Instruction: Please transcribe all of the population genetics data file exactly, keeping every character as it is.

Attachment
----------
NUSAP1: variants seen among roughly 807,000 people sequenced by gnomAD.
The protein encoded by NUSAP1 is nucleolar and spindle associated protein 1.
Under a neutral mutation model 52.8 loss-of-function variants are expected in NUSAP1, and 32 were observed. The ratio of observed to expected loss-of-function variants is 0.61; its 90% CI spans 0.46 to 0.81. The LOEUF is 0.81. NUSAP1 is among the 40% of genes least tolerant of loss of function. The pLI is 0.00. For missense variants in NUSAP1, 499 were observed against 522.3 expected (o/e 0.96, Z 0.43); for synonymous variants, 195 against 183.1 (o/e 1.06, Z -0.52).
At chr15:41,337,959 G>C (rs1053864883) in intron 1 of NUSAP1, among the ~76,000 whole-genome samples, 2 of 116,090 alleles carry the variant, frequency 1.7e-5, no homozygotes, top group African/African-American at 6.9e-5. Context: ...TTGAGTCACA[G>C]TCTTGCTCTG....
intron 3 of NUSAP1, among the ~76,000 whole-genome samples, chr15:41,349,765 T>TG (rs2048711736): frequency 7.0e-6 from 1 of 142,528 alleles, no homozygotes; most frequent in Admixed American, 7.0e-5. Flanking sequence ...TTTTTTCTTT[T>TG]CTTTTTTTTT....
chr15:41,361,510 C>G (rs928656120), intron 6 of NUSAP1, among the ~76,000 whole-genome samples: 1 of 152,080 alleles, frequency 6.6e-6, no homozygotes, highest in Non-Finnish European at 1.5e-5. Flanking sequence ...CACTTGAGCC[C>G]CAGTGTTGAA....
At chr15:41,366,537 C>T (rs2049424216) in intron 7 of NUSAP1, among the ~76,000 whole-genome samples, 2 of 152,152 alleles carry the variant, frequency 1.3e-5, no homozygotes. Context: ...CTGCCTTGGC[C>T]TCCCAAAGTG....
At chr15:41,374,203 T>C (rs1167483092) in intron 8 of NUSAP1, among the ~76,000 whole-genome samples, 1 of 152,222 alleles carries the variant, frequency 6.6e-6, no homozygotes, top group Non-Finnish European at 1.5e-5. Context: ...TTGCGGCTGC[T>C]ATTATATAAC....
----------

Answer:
NUSAP1: variants seen among roughly 807,000 people sequenced by gnomAD.
The protein encoded by NUSAP1 is nucleolar and spindle associated protein 1.
Under a neutral mutation model 52.8 loss-of-function variants are expected in NUSAP1, and 32 were observed. The ratio of observed to expected loss-of-function variants is 0.61; its 90% CI spans 0.46 to 0.81. The LOEUF is 0.81. NUSAP1 is among the 40% of genes least tolerant of loss of function. The pLI is 0.00. For missense variants in NUSAP1, 499 were observed against 522.3 expected (o/e 0.96, Z 0.43); for synonymous variants, 195 against 183.1 (o/e 1.06, Z -0.52).
At chr15:41,337,959 G>C (rs1053864883) in intron 1 of NUSAP1, among the ~76,000 whole-genome samples, 2 of 116,090 alleles carry the variant, frequency 1.7e-5, no homozygotes, top group African/African-American at 6.9e-5. Context: ...TTGAGTCACA[G>C]TCTTGCTCTG....
intron 3 of NUSAP1, among the ~76,000 whole-genome samples, chr15:41,349,765 T>TG (rs2048711736): frequency 7.0e-6 from 1 of 142,528 alleles, no homozygotes; most frequent in Admixed American, 7.0e-5. Flanking sequence ...TTTTTTCTTT[T>TG]CTTTTTTTTT....
chr15:41,361,510 C>G (rs928656120), intron 6 of NUSAP1, among the ~76,000 whole-genome samples: 1 of 152,080 alleles, frequency 6.6e-6, no homozygotes, highest in Non-Finnish European at 1.5e-5. Flanking sequence ...CACTTGAGCC[C>G]CAGTGTTGAA....
At chr15:41,366,537 C>T (rs2049424216) in intron 7 of NUSAP1, among the ~76,000 whole-genome samples, 2 of 152,152 alleles carry the variant, frequency 1.3e-5, no homozygotes. Context: ...CTGCCTTGGC[C>T]TCCCAAAGTG....
At chr15:41,374,203 T>C (rs1167483092) in intron 8 of NUSAP1, among the ~76,000 whole-genome samples, 1 of 152,222 alleles carries the variant, frequency 6.6e-6, no homozygotes, top group Non-Finnish European at 1.5e-5. Context: ...TTGCGGCTGC[T>C]ATTATATAAC....